Riyadh slams ‘baseless lies’; Trump warns of ‘punishment’
ISTANBUL: A delegation of a dozen Saudi officials was in Turkey yesterday for talks on the disappearance of journalist Jamal Khashoggi after Riyadh slammed as “baseless lies” Turkish accusations he was killed inside its Istanbul consulate. Meanwhile, US President Donald Trump threatened Riyadh yesterday with “severe punishment” if Khashoggi was killed. Turkey later accused Saudi Arabia of failing to cooperate with a probe into the disappearance of Khashoggi. Comments by Turkish Foreign Minister Mevlut Cavusoglu represented a hardening of Ankara’s hitherto circumspect tone over the case.
With the mystery over Khashoggi unresolved 11 days after he walked into the consulate and failed to reappear, a pro-government Turkish daily said the Saudi national had recorded his own interrogation inside the mission on an Apple Watch. Turkish officials have said they believe Khashoggi was killed inside the consulate and lurid claims have been leaked to media that he was tortured and even dismembered.
Saudi insists Khashoggi, a Washington Post contributor whose writings have been critical of powerful Crown Prince Mohammed bin Salman, left the building safely but has yet to offer visual evidence of this. The outcry surrounding his disappearance threatens to not just harm brittle
Turkey-Saudi relations but also alarm the kingdom’s supporters in the West and tarnish the reform drive spearheaded by the crown prince.
“We’re going to get to the bottom of it and there will be severe punishment,” Trump told CBS’s “60 Minutes” program, according to an extract of an interview that was released yesterday. “As of this moment, they (Saudi) deny it and they deny it vehemently. Could it be them? Yes,” Trump said in the interview, which was conducted on Thursday. But he again voiced his reluctance to limit US arms sales to the kingdom, which analysts see as one of Washington’s key potential levers. Trump, who has become notorious for his attacks on American journalists, added the matter was especially important “because this man was a reporter”.
Ankara had said that a search of the consulate had been agreed but this has yet to materialize amid reports the two sides are at odds over the conditions of entry into what is Saudi sovereign territory. “We still have not seen cooperation in order to ensure a smooth investigation and bring everything to light. We want to see this,” Cavusoglu said. He said Riyadh must let Turkish “prosecutors and experts enter the consulate” to carry out their investigation. “Where did he go missing? There, at the consulate,” the Turkish foreign minister said, adding that “talks are continuing” with Saudi officials in a bid to resolve the impasse.
The Saudi delegation was in Turkey and due to have talks this weekend in Ankara and take part in a working group on the disappearance, official Turkish media said. The NTV channel said the 11-person delegation had on Friday inspected the consulate in Istanbul. Riyadh has warmly welcomed the creation of the working group but Interior Minister Prince Abdel Aziz bin Saud bin Nayef slammed claims that the kingdom ordered Khashoggi to be killed inside the consulate. He described the allegations as “baseless allegations and lies”.
Ankara has so far trodden carefully in the controversy, with the most sensational allegations splashed in the pro-government press but President Recep Tayyip
Erdogan has so far stopped short of directly accusing Riyadh of wrongdoing. Turkey and Saudi have an uneasy relationship, with disputes over the ousting of the Islamist government in Egypt and the blockade imposed on Ankara’s ally Qatar. But Erdogan has generally been wary of needling the oil-rich conservative kingdom and on Saturday again gave a long speech to supporters without mentioning the issue.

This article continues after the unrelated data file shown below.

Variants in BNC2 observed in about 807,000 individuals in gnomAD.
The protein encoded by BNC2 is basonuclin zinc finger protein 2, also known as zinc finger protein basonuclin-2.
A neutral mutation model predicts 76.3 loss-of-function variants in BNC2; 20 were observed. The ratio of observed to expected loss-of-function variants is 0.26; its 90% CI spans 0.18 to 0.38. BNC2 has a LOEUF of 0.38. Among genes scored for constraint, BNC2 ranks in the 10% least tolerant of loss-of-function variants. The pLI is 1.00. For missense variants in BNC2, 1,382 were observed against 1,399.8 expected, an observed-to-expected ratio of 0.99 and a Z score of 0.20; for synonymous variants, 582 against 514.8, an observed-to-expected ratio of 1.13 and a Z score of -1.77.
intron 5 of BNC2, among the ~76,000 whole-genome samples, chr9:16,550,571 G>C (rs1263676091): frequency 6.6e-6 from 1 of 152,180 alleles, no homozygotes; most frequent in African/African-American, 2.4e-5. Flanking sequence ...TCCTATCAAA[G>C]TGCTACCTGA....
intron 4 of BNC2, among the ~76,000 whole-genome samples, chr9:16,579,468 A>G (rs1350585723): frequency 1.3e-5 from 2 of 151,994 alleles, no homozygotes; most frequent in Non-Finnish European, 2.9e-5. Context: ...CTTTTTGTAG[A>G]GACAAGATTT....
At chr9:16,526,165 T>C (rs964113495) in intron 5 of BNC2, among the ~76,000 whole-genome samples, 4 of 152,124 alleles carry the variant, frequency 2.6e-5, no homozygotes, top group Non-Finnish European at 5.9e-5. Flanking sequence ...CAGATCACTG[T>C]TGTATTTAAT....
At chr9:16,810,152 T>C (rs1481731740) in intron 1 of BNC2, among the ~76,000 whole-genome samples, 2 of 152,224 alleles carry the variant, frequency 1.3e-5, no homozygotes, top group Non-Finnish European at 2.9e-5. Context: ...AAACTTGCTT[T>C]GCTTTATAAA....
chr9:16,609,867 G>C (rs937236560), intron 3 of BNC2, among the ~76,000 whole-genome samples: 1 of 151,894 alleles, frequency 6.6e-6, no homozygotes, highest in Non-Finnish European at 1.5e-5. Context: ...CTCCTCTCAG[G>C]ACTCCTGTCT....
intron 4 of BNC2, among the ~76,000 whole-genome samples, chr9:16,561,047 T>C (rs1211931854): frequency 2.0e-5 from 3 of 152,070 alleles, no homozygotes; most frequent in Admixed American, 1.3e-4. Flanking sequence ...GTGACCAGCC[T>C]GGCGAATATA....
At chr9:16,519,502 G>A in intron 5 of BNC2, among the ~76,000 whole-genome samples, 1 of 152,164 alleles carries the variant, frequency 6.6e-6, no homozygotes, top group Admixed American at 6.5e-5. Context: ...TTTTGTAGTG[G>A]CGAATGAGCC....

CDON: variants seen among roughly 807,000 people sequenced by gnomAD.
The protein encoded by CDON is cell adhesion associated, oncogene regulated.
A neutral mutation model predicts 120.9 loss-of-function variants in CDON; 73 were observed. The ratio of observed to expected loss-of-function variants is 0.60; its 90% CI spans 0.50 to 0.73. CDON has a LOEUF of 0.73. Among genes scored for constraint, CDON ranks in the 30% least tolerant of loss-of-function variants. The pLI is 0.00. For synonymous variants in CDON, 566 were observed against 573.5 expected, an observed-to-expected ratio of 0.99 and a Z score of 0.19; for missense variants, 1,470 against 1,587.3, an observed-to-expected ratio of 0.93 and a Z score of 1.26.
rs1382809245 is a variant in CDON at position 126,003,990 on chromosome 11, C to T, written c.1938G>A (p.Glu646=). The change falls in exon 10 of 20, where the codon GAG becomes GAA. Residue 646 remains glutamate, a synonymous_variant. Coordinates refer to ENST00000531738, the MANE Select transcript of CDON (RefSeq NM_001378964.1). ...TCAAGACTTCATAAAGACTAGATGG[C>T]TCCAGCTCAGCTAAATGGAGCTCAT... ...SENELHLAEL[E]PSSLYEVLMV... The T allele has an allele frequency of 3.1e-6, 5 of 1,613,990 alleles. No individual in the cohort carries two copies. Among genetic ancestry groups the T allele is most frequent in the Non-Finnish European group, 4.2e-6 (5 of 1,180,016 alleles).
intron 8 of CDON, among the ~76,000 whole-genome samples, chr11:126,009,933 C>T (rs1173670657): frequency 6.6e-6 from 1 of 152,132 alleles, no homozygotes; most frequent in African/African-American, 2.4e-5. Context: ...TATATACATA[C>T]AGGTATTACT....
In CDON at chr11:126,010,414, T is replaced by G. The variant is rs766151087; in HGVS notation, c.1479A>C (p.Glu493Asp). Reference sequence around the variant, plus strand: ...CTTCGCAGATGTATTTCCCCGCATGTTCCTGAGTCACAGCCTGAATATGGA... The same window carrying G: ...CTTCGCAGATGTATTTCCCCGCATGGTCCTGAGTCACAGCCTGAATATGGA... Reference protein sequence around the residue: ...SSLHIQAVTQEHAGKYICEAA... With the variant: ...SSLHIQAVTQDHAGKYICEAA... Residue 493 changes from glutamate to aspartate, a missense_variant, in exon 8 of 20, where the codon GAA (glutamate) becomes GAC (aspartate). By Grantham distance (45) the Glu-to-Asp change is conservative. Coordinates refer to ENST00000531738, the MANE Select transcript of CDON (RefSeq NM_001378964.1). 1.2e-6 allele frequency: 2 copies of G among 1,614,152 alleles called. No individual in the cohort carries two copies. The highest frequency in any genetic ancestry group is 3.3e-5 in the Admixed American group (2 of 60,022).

The spokesman of Erdogan’s ruling party, Omer Celik, acknowledged yesterday that there were “extremely sensational claims” about Khashoggi’s fate in the media and said there would be “severe consequences” for anyone found responsible if they were true. “Far from the speculation, work is being carried out in the most sensitive way to find out what happened,” he said in televised comments.
The latest claims reported by the pro-government Sabah daily said that Khashoggi had been wearing an Apple Watch when he entered the consulate which was synced with an iPhone left outside with his fiancee Hatice Cengiz. It said that the watch had recorded what happened inside the consulate and this was uploaded to his cloud, although Saudis sought to partially delete it. “The moments of Khashoggi’s questioning, torture and killing were recorded on the Apple watch,” said Sabah.
Analysts say that Turkey is hoping to find support from its NATO ally the United States in the case, although Ankara-Washington have been in crisis over the detention for the last two years of a Protestant pastor. But the pastor, Andrew Brunson, was freed on Friday and allowed to fly home by a Turkish court, in a move that could help normalize ties.
Meanwhile Prince Mohammed’s big October conference - the Future Investment Initiative dubbed by media as the “Davos in the Desert” after the annual conference in the Swiss resort - has suffered a litany of cancellations over the controversy. Key business figures like the chief executive of ride hailing app Uber into which the Saudi’s own investment fund injected money - are no longer showing up while media groups like the New York Times, Financial Times and Bloomberg have pulled their sponsorship. US Treasury Secretary Steven Mnuchin said yesterday that he still planned to attend, as did IMF chief Christine Lagarde. She said she was “horrified” by the case but has to “conduct the business of the IMF in all corners in the world and with many governments”. — Agencies
ISTANBUL: A cat sits on a stool at the doors of the Saudi consulate yesterday.